One week after their sentencing, two Alberta parents have yet to comply with a judge's unusual order.
The two were convicted of failing to provide the necessities of life for their toddler, Ezekiel, who died from viral meningitis in 2012.
Nineteen-month-old Ezekiel Stephen died in 2012 after contracting meningitis. (Photo: PrayersForEzekiel/Facebook)
Last month, David Stephan was sentenced to four months in jail, while his wife Collet faces three months of house arrest.
They were ordered to take their remaining three children to a doctor once a year. They're also obligated to provide the doctor with a copy of their sentencing.
Ezekiel's parents, who treated their son with natural remedies and refused to take him to a doctor, have become prominent faces in the anti-vaccine movement.
Justice Rodney Jerke noted that the discrepancy in time served between the two parents is due to the lack of remorse shown by Ezekiel's father public comments about the case.
The Stephan family and those close to them have documented their trial on social media, mostly on a Facebook page called "Prayers for Ezekiel" and the "Stand 4 Truth" blog.
David and Collette Stephan leave the courthouse in Lethbridge, Alta. on April 26, 2016. (Photo: David Rossiter/The Canadian Press)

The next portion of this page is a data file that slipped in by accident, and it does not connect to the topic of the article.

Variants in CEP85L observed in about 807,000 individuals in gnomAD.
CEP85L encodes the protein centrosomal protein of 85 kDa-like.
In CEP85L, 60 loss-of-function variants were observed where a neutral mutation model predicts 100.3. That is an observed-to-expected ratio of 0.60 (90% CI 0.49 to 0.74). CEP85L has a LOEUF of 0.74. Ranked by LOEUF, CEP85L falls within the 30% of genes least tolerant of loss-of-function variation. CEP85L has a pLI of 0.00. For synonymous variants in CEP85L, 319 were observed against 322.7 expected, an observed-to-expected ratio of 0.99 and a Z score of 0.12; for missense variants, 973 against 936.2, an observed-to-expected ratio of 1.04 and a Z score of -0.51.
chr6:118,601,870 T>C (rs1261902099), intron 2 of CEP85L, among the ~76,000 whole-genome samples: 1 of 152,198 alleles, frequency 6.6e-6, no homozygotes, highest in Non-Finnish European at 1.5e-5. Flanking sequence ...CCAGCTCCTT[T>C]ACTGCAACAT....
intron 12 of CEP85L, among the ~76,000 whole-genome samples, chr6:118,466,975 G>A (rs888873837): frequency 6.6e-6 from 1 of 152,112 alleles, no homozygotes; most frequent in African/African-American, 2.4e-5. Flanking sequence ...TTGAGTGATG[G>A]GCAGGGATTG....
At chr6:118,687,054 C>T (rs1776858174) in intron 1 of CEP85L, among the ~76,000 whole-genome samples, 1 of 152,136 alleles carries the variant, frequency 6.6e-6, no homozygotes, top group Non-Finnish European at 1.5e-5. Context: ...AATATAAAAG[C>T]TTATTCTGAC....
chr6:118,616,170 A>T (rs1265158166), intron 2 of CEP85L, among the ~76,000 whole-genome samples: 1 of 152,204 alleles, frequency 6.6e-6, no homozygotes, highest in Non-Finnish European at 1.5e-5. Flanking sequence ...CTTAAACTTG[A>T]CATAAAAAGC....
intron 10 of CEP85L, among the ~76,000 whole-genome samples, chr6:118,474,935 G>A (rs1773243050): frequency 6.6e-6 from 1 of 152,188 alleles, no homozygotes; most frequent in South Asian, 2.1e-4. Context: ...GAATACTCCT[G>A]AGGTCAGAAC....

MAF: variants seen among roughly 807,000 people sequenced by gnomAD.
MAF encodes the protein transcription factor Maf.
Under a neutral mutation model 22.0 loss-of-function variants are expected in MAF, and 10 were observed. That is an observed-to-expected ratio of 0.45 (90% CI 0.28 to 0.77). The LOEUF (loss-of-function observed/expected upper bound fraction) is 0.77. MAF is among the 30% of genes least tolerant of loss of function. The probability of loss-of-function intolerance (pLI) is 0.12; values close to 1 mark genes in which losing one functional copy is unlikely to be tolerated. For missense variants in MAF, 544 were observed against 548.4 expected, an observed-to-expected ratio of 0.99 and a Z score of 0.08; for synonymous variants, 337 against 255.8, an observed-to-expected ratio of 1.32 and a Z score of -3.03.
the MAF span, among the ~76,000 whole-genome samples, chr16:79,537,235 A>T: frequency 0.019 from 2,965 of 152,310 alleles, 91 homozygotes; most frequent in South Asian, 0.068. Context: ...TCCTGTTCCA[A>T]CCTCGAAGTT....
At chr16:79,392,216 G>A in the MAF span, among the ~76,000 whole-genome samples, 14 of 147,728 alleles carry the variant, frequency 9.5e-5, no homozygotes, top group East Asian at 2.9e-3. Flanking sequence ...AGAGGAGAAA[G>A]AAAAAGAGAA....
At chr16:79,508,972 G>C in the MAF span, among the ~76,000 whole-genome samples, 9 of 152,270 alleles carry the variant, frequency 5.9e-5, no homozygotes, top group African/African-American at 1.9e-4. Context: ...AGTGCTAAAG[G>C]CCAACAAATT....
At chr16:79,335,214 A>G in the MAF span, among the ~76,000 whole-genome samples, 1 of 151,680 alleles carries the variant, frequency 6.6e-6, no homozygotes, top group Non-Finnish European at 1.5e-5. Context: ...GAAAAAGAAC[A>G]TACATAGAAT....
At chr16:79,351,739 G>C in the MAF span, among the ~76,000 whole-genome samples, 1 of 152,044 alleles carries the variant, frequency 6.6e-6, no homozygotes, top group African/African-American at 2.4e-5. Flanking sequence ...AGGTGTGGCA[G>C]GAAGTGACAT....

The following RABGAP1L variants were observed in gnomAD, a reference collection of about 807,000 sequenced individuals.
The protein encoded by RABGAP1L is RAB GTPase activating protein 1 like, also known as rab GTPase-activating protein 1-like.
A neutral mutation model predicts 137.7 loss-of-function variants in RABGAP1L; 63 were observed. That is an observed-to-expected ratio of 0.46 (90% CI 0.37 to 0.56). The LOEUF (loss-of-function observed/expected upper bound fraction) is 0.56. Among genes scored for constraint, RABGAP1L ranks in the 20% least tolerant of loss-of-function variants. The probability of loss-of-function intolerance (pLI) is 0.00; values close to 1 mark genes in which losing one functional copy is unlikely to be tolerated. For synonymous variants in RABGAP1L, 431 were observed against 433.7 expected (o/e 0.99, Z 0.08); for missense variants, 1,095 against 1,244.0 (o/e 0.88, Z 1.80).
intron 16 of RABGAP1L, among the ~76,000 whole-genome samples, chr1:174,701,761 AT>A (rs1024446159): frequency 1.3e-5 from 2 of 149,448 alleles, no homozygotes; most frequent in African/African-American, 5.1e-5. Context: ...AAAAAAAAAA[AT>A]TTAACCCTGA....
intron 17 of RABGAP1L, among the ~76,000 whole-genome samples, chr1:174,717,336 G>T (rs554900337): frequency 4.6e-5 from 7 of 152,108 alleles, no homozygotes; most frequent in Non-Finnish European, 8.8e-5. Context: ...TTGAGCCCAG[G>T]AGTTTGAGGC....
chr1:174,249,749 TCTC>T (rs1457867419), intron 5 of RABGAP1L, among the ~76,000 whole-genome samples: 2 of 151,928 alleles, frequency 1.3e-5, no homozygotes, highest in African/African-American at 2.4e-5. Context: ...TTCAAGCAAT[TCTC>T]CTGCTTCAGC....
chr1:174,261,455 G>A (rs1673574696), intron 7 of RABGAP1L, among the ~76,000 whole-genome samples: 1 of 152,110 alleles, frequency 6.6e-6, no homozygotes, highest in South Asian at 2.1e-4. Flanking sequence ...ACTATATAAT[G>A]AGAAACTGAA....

The pages post pleas to support the Stephans, both financially and emotionally, amid claims mainstream media corruption and the government manipulated their case.
In a video interview by the producers of an anti-vaccine documentary, David Stephan alleges the ambulance's improper equipment caused their son's death.
Evidence presented at the trial that Ezekiel was already blue by the time emergency responders arrived. Stephan also wrote a letter lashing out at the justice system and posted it to Facebook shortly after a jury found him and his wife guilty.
Critical of the courts
Criminal defence lawyer Adriano Iovinelli said Stephan's decision to post publicly about the case was risky.
"This individual is still before the courts and is criticizing both the Crown prosecutor and essentially the trial process itself, and that never bodes well for someone who is appearing before the courts for sentencing," Iovinelli told CBC News weeks before the sentencing.
However, the social media posts have won the parents an ardent community of thousands of supporters, some of whom attended the parents' last court date in Lethbridge clad in white T-shirts and jeans to show their endorsement of the Stephans.
The Calgary Police Service's counsel said the judge likely made the decision to uphold respect for the law.
“In this scenario, their community is this cyber community that is so anti-first world medicine that (the justice) is suggesting that they need to inform their community that, in fact, they did have a hand in this kid’s death and they have to take responsibility for it," Donna Spaner told The National Post.
As of Tuesday, the "Prayers for Ezekiel" page has yet to post the ruling. Collet Stephan may have posted the ruling privately, but it is not visible to public visitors to her page.
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